It is almost impossible to pay attention to the floods and fires and storms and not think about a generator if you live in America’s rural or suburban area. This, to me, is the biggest story in the world, but the message hasn’t yet reached Washington.
When I moved upstate, we lost power once or twice a year, for one or two hours. The longest I recall being without power was 10 hours. Around the country, it is now routine for people to be without power for days, even weeks.
We’ve had four or five times as many outages as before. I finally decided it was time to bite the bullet, stretch a credit card, and buy a generator. I r researched it for a month and paid our friend and home maintenance and repair specialist Mike Conklin to study the right one for us.
He and I ended up picking out a 13,000 Watt Duromax that would protect my medicine, Maria’s studio, our refrigerator, and water heater. Maria opted out of this one.
In a bad storm, which is now a question of when not if, we keep our food fresh, protect my expensive medicine, power Maria’s studio and keep the heat and some lights on.
We used to shrug power failures off as no big deal. I think it’s myopic and foolish to blow off the likelihood of powerless storms now. I’ll be able to read books at night.
I hate what it does to our budget, but otherwise, when we need it, it will be too late to get it.
We’ve had a couple of these new superstorms up here. They are fantastic, unprecedented, and more destructive than any storms before them.
I believe in science, and the scientists say they will get much worse before they ever get better, if they ever do.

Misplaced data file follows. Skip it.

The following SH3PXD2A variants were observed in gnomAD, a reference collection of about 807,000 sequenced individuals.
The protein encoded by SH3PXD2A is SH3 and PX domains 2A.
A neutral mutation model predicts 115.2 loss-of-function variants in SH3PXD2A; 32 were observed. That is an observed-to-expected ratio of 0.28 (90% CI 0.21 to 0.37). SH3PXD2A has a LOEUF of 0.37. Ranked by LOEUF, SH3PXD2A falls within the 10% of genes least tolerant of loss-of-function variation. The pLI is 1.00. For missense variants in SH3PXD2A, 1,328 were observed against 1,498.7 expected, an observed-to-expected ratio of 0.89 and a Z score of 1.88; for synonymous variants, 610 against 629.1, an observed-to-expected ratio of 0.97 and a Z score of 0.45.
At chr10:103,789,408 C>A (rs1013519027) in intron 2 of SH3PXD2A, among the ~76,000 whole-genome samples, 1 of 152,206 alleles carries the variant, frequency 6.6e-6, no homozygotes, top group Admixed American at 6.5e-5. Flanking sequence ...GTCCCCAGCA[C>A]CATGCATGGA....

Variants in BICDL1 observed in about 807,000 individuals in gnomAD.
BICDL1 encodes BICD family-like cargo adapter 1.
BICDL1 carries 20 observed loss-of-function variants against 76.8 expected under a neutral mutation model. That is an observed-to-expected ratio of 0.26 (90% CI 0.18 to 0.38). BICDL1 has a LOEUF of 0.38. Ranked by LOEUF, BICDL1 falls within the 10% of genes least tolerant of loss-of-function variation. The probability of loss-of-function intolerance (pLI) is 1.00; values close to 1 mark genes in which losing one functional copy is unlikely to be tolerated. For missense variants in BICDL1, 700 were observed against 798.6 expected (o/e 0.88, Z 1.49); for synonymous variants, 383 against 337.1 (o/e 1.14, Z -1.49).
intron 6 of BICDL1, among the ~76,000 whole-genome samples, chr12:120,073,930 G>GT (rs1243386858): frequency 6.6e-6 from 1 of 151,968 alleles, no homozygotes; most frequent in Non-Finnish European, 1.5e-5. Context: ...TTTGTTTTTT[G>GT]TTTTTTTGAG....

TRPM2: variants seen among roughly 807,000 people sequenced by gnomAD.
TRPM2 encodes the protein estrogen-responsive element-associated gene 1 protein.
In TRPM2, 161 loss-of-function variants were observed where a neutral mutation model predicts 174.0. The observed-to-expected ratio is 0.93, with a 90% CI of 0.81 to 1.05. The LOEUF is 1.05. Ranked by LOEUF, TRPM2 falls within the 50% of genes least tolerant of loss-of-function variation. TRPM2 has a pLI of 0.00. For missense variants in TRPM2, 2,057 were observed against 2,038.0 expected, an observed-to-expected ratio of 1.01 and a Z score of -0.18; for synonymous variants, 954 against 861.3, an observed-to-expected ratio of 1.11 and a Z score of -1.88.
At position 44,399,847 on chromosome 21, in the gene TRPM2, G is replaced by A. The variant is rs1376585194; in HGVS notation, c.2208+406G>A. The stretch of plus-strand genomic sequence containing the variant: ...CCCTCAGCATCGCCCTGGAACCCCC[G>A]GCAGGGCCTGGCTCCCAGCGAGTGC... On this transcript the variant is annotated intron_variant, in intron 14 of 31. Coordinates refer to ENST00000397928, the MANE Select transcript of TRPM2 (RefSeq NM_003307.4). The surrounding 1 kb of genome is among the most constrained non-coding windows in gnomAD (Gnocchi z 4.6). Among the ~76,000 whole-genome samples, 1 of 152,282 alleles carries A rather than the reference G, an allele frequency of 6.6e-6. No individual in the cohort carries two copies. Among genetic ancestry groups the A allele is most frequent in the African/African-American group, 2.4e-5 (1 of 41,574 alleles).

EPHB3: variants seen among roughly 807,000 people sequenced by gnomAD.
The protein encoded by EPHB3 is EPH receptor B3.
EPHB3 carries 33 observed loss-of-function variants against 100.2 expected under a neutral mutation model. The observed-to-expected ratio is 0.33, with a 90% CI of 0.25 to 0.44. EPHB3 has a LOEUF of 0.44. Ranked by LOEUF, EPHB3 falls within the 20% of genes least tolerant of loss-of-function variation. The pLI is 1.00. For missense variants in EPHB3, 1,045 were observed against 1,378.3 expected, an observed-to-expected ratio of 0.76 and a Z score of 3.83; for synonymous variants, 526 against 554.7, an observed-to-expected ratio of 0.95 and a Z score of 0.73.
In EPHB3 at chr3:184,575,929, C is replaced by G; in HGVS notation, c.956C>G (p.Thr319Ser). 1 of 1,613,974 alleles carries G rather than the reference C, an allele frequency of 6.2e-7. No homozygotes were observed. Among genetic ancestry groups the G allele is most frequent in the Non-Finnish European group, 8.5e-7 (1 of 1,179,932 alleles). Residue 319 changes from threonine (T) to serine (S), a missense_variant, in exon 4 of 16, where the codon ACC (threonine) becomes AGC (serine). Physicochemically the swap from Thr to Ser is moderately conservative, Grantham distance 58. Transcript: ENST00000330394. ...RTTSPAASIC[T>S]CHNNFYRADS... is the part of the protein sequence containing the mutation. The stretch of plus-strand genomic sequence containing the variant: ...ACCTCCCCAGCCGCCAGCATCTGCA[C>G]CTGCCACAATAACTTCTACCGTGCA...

I want us to try to get ahead of this awful new reality to the extent that we can.
The new generator is a start. Mike is going to help us find an electrician, connect the machine (it runs on gasoline) and also propane, and set it up somewhere in the back of the house.
We hope to have it up and running by the end of November. This model will keep almost the entire house running for 11 hours with one gasoline tank, more if we also have a propane tank.
I talked to people, read online, went to and visited the websites of Home Depot and Loews, and hired Mike Conklin, an experienced carpenter and handyman, to help. I trust him.
I am well informed on generators now and feel very good about the one we got.
There are not too many practical things I can do here on the farm to stop climate change. But at the very least, we can be ready.
(Friends, I don’t give out specific information about the things we buy here, you can check Duromaz or other generators on Amazon or visit Loews and Home Depot or their websites.
You can also talk to people at your local hardware store. There are lots of choices and decisions to make. I didn’t trust myself to make them all.) I feel solid about the one I bought. Climate change has plenty of punch, but winter up here still has some wallop.)